A: We use thinking as a tool, but the knowing that arises because of its use is above and beyond the process of thinking; it leads to our not being fooled by our thinking any more. You recognise that all thinking is merely the movement of the mind, and also that the knowing is not born and doesn't die. What do you think all this movement called 'mind' comes out of? What we talk about as the mind -- all the activity -- is just the conventional mind. It's not the real mind at all. What is real, just IS, it's not arising and it's not passing away. Trying to understand these things just by talking about them, though, won't work. We need to really consider impermanence, unsatisfactoriness and impersonality (anicca, dukkha, anatta); that is, we need to use thinking to contemplate the nature of conventional reality. What comes out of this work is wisdom; and if it's real wisdom everything's completed, finished -- we recognise emptiness. Even though there may still be thinking, it's empty -- you are not affected by it.
Q: How can we arrive at this stage of the real mind?
A: You work with the mind you already have, of course! See that all that arises is uncertain, that there is nothing stable or substantial. See it clearly and see that there is really nowhere to take a hold of anything -- it's all empty. When you see the things that arise in the mind for what they are, you won't have to work with thinking any more. You will have no doubt whatsoever in these matters. To talk about the 'real mind' and so on, may have a relative use in helping us understand. We invent names for the sake of study, but actually nature just is how it is. For example, sitting here downstairs on the stone floor. The floor is the base -- it's not moving or going anywhere. Upstairs, above us is what has arisen out of this. Upstairs is like everything that we see in our minds: form, feeling, memory, thinking. Really, they don't exist in the way we presume they do. They are merely the conventional mind. As soon as they arise, they pass away again; they don't really exist in themselves.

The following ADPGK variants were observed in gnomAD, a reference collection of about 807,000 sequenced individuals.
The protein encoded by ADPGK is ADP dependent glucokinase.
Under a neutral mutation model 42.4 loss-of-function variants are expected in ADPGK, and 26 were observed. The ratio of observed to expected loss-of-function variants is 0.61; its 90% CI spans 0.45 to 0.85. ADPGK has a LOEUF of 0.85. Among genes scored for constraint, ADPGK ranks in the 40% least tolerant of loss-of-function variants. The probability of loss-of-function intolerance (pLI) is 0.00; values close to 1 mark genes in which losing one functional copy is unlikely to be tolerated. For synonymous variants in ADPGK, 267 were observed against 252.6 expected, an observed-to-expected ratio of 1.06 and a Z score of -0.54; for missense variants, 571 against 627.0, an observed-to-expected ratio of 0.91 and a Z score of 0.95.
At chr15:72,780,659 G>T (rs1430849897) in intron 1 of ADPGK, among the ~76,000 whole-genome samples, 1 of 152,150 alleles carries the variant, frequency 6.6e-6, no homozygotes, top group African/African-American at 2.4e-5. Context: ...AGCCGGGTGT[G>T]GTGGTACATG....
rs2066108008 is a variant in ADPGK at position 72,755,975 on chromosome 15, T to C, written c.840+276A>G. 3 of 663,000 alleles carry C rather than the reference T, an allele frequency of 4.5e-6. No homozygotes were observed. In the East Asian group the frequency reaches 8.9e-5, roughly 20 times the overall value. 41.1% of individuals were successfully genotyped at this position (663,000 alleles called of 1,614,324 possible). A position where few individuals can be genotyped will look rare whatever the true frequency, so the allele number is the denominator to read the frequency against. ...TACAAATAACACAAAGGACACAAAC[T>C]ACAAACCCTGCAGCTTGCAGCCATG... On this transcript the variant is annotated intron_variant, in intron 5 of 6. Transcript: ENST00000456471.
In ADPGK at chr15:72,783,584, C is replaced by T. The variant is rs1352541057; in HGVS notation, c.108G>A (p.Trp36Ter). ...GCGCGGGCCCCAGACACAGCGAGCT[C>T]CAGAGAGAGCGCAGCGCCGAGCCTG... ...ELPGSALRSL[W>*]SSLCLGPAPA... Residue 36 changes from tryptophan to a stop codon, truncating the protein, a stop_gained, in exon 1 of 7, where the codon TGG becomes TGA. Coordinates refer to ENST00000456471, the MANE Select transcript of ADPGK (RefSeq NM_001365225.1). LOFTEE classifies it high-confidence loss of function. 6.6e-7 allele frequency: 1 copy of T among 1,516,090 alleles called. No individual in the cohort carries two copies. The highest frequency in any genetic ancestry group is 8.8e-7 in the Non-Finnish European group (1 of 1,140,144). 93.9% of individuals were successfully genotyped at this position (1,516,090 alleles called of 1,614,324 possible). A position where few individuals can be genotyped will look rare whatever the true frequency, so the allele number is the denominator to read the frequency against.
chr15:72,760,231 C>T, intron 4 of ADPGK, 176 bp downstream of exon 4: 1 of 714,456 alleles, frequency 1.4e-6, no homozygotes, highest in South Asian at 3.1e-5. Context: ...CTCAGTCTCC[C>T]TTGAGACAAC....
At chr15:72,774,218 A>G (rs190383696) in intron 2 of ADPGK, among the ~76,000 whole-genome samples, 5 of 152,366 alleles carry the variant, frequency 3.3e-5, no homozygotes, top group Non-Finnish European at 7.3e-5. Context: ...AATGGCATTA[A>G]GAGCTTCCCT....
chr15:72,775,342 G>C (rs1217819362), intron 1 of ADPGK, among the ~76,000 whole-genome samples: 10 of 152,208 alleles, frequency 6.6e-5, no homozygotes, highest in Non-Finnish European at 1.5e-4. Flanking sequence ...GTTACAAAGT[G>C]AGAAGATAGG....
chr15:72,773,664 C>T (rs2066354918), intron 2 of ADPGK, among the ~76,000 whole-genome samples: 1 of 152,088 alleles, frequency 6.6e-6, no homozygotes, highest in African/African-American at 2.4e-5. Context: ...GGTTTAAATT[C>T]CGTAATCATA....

There is a story in the scriptures about Venerable Sariputta examining a bhikkhu before allowing him to go off wandering (dhutanga vatta). He asked him how he would reply if he was questioned, 'What happens to the Buddha after he dies?' The bhikkhu replied, 'When form, feeling, perception, thinking and consciousness arise, they pass away.' Venerable Sariputta passed him on that. Practice is not just a matter of talking about arising and passing away, though. You must see it for yourself. When you are sitting, simply see what is actually happening. Don't follow anything. Contemplation doesn't mean being caught up in thinking. The contemplative thinking of one on the Way is not the same as the thinking of the world. Unless you understand properly what is meant by contemplation, the more you think the more confused you will become.